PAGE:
Prior to product recovery the prefractionator overhead gas is compressed to sub-atmospheric pressure and charged as feed to a first distillation zone, the overhead from which is rich in C3 and lighter hydrocarbons and the bottoms product is rich in C, and heavier hydrocarbons. The feed composition is often such that the rst distillation zone, or more commonly known as a depropanizer, must be operated with refrigerated reflux to provide a commercially satisfactory operation. The C3 fraction is then separated in a series of low temperature fractionating columns while the C4-tfraction is separated also in a series of fractionating columns. As is wellknown to those skilled in the art, water vapor must be removed from these pyrolysis gases such that hydrate formation can be avoided at the low temperature operations required for the recovery of the normally gaseous olelinic hydrocarbons such as ethylene and propylene. Removal of water from such a gas stream is conventionally accomplished by passing the stream through a xed bed of solid dessieant such as activated alumina, activated charcoal, silica gel, and the like. In short, the separation of the gaseous hydrocarbons from the pyrolysis effluent into valuable and/or desired components is by conventional means known to those skilled in the art and need not be presented in any more detail herein. As previously mentioned, for convenience sake, the term ethylene is used to embody the production of any or all of the normally gaseous olenic hydrocarbons.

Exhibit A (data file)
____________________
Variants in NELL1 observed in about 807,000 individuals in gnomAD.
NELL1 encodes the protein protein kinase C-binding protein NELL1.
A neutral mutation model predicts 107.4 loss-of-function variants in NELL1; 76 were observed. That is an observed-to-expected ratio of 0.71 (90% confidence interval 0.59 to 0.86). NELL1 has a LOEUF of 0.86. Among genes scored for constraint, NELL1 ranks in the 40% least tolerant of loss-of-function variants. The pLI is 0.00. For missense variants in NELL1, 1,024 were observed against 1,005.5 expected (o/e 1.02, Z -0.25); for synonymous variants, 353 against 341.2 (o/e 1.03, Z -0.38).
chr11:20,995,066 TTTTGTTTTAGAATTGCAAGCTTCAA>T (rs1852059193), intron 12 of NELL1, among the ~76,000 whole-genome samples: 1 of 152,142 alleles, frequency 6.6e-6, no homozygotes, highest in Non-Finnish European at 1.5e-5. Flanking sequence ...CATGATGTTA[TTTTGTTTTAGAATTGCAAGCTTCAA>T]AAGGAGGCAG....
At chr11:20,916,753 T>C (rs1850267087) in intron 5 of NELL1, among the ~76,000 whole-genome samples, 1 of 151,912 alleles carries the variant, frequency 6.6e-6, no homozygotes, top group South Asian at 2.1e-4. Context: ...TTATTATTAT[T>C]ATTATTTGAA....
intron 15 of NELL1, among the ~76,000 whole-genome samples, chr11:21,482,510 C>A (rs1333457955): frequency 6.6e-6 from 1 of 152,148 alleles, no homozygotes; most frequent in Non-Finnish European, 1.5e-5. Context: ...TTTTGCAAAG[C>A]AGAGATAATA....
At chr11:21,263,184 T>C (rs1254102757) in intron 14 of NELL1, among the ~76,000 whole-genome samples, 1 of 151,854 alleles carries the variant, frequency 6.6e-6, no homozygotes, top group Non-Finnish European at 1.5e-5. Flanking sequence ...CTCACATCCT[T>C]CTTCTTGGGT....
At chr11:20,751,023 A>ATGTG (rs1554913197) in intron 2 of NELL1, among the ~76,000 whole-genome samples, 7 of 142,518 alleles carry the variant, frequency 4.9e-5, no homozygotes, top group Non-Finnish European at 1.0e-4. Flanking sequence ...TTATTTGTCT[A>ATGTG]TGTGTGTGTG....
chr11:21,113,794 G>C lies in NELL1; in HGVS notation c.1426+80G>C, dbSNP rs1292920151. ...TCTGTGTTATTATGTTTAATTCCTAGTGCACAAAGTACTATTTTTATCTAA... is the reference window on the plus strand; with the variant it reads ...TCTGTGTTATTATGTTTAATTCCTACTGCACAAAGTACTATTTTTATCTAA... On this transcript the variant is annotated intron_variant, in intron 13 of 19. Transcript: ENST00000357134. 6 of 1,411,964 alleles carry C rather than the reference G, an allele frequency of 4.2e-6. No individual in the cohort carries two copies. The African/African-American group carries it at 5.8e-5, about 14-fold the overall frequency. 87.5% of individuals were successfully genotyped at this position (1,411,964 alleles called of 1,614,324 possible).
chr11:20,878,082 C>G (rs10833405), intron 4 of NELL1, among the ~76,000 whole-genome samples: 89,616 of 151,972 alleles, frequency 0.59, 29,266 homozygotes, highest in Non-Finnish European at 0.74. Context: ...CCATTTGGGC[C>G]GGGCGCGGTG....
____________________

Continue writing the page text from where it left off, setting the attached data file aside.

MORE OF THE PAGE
The prior art schemes of pyrolysis have used a variety of feedstocks for the conversion thereof into light hydrocarbons such as ethylene. It is known that ethane and propane are distinctly preferred hydrocarbons for this reaction; although, there is no technical reason why naphtha fractions, kerosene fractions boiling up to 550 F. and even gas oil fraction boiling up to 800 F. cannot be satisfactorily pyrolyzed into more valuable light hydrocarbon components. However, in the practice of this invention it is a requirement that at least a significant portion of the feedstock to the pyrolysis zone be cornposed of a substantially paranic hydrocarbon liquid fraction which has been separated from the effluent of a hydrotreating reaction zone. Thus, the present invention broadly embodies the use of any of the known feedstocks to the pyrolysis reaction as long as a substantially paraflinie liquid fraction is also charged to the pyrolysis zone.